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Sir Isaac Newton
Sir Isaac Newton

Press Release - 03 October 2006

Free lecture to question assumptions about how science works

Local people can question the assumptions of the philosophy of science in a free lecture to be held at the University of Bath on Wednesday 11 October.

Do scientific discoveries explain the world around us or are there limitations to the knowledge that can be achieved through science? The philosophy of science questions the philosophical assumptions, foundations and implications of scientific knowledge.

In ‘How do we know, that we know, what we know?’ Dr Rick Marshall, a former lecturer in physics at the universities of Nottingham and Keele, will summarise some of the main ideas associated with philosophy of science.

“I’ll be picking up on the thinking of some of the key figures in philosophy, from Aristotle to Sir Isaac Newton, right through to this century with Thomas Kuhn and Karl Popper,” said Dr Marshall.

“Philosophy of science questions what people think of as reliable knowledge. For example, how do we know that electrons exist? Do scientists proceed as they do because there are objective reasons for doing so, or do we call the procedures used by scientists reasonable, simply because they use them?”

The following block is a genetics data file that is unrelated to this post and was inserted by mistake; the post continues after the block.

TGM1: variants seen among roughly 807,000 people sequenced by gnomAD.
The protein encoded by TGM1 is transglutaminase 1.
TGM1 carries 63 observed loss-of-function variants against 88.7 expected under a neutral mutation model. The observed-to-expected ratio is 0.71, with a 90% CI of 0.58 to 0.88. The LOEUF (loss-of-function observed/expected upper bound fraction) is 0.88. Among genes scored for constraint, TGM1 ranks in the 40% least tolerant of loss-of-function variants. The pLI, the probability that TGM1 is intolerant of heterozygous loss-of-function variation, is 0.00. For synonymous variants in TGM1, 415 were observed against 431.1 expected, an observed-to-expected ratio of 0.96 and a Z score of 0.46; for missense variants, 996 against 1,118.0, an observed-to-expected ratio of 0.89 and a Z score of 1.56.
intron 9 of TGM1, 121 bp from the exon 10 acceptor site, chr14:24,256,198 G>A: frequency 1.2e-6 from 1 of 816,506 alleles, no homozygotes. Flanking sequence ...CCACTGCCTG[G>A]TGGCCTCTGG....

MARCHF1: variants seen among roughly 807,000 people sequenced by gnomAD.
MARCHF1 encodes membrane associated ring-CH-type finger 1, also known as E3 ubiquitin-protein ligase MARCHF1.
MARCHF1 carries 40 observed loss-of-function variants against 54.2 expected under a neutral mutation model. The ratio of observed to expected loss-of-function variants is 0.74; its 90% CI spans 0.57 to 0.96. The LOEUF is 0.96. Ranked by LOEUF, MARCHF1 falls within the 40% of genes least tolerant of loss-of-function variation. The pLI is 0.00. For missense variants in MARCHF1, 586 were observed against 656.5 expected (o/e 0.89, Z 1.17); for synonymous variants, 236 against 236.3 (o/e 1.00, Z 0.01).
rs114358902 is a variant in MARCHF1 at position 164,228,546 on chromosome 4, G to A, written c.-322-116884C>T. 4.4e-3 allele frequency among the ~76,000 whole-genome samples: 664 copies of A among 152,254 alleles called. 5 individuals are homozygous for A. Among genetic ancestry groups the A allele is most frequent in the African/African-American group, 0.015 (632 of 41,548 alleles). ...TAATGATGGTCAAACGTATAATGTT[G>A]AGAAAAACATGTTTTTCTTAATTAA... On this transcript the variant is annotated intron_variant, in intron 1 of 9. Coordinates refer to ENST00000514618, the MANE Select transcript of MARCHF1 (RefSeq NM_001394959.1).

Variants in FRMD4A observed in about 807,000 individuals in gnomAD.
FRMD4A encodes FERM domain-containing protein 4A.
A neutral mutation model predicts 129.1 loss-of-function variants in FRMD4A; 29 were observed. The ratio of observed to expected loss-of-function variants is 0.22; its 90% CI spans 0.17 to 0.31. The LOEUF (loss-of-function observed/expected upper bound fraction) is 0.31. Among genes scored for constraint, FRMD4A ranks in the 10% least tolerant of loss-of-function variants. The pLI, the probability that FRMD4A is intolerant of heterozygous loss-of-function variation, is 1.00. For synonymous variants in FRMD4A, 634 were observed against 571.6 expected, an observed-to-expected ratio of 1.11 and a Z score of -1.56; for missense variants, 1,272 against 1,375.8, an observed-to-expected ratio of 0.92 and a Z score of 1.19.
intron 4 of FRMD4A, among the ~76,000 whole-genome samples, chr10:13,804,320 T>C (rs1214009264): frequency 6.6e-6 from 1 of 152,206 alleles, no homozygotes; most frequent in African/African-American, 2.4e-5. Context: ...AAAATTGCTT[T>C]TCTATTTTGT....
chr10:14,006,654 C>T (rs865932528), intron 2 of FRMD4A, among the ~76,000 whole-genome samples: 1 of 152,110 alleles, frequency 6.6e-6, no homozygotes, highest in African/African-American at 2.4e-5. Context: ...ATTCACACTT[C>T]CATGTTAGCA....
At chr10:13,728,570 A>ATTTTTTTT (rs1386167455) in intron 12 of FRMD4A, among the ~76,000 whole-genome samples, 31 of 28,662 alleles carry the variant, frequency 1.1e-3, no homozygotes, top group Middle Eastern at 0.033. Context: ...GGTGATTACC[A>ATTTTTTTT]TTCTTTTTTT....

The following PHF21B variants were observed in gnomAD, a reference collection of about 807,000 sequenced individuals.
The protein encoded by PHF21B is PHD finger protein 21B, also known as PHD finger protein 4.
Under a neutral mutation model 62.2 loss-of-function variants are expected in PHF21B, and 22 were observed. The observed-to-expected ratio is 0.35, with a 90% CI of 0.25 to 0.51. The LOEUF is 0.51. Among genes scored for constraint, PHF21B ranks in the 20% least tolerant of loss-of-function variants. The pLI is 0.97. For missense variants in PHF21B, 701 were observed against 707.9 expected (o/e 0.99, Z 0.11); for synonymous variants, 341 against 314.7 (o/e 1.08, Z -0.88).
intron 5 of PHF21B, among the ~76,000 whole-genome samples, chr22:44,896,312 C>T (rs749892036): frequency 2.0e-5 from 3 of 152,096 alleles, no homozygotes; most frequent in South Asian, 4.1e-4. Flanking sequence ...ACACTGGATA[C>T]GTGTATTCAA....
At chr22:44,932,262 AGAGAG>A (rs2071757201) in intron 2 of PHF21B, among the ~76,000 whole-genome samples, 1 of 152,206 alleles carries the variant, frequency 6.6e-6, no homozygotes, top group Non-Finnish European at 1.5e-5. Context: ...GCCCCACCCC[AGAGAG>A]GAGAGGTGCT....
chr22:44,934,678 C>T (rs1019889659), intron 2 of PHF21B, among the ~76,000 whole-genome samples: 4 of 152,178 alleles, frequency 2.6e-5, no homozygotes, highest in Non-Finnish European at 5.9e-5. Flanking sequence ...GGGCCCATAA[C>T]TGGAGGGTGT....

The idea for the talk originated from an introduction to the International baccalaureate course called The theory of knowledge, presented by Dr Marshall when he was Head of upper school at Oakham School in Rutland.

“With the new school science curriculum based much more around how science works, the lecture provides good background material for teachers,” said Dr Marshall.

Dr Marshall is now involved with the updating of the Advancing physics A level course and also contributes to the Physics enhancement course at Keele University.

Admission for the lecture is free and people can just turn up on the evening. Free parking is available in the West Car Park. The lecture runs from 5.15pm until 6.15pm in the lecture hall 8 West 1.1 on the Claverton campus.

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